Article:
Sherex Process Monitoring System analyzes fastener installations

When installing fasteners at a high volume, anything from human error, tooling issues, improper hole sizes or material thickness variations may occur from time to time. These improper installations could lead to bigger problems down the road. Not only could it lead to safety concerns, but could also lead to material waste, re-work, and other expensive delays that cost manufactures valuable time and money.

This is why Process Monitoring is so important. Having a Process Monitoring Installation System in place lets the operator/installer know if their fastener installation is satisfactory or not. With a system that’s configured to the specific part that’s being installed, along with the thickness of the base material it’s being installed into, these systems determine the results of an installation instantaneously. Add in the historical analysis of the installations that are occurring, and installations are driven by quantifiable data, not just by user feel. These systems even support a “stop tool” function to allow operators to analyze or reinstall the part if installation wasn’t satisfactory.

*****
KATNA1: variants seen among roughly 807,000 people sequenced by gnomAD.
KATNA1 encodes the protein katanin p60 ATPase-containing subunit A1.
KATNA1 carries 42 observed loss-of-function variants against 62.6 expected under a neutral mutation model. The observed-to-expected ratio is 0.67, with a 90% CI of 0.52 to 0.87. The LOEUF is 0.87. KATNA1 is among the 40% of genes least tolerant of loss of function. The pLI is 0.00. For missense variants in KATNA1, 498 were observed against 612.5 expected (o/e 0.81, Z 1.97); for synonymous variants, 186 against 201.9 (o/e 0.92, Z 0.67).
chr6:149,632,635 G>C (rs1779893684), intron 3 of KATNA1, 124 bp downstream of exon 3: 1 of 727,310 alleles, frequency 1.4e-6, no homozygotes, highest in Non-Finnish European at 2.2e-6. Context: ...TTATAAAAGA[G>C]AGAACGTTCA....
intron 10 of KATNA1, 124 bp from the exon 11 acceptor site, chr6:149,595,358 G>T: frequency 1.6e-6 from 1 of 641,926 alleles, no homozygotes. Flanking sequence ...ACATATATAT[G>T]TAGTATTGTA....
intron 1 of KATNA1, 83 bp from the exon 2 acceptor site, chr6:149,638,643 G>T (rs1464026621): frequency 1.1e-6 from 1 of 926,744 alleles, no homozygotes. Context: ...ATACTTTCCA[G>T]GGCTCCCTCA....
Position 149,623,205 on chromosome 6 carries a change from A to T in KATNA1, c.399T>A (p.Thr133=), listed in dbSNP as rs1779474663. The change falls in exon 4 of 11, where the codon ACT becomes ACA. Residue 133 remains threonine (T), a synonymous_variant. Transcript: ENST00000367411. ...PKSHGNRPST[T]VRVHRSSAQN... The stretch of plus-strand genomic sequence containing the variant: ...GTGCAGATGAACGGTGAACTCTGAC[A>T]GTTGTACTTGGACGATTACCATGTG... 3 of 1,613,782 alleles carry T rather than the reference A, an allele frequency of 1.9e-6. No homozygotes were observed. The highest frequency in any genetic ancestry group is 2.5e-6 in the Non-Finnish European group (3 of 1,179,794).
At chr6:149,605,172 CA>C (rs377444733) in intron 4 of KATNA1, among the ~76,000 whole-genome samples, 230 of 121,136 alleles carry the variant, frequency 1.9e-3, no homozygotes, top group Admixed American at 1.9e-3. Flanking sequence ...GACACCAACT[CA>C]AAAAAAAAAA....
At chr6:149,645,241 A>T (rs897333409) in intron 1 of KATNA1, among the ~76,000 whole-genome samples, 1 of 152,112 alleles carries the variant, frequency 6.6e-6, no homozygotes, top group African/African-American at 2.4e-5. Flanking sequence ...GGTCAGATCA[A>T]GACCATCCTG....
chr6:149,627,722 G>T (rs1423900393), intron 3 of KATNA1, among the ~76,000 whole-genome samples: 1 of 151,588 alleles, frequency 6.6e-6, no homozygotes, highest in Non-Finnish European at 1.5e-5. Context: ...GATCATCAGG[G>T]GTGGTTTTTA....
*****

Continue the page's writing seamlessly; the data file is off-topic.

Process Monitoring Systems are required in a number of industries, including automotive manufacturing, and they’re becoming more popular. The ROI on a Process Monitoring System compared to the time and waste of incorrectly installed items, or even potential litigation from an installation that wasn’t perfect, could pay for itself relatively quickly. These systems can be used in low or high volume installations, including on an assembly line.

With installations being so critical to the assembly of any product, the risk of not knowing if an installation is proper is not worth saving a few bucks, especially if a worse case scenario happens, whatever that may be. Process Monitoring Systems combines quality control and efficiency so installers can feel good when the assemblies keep moving down the line.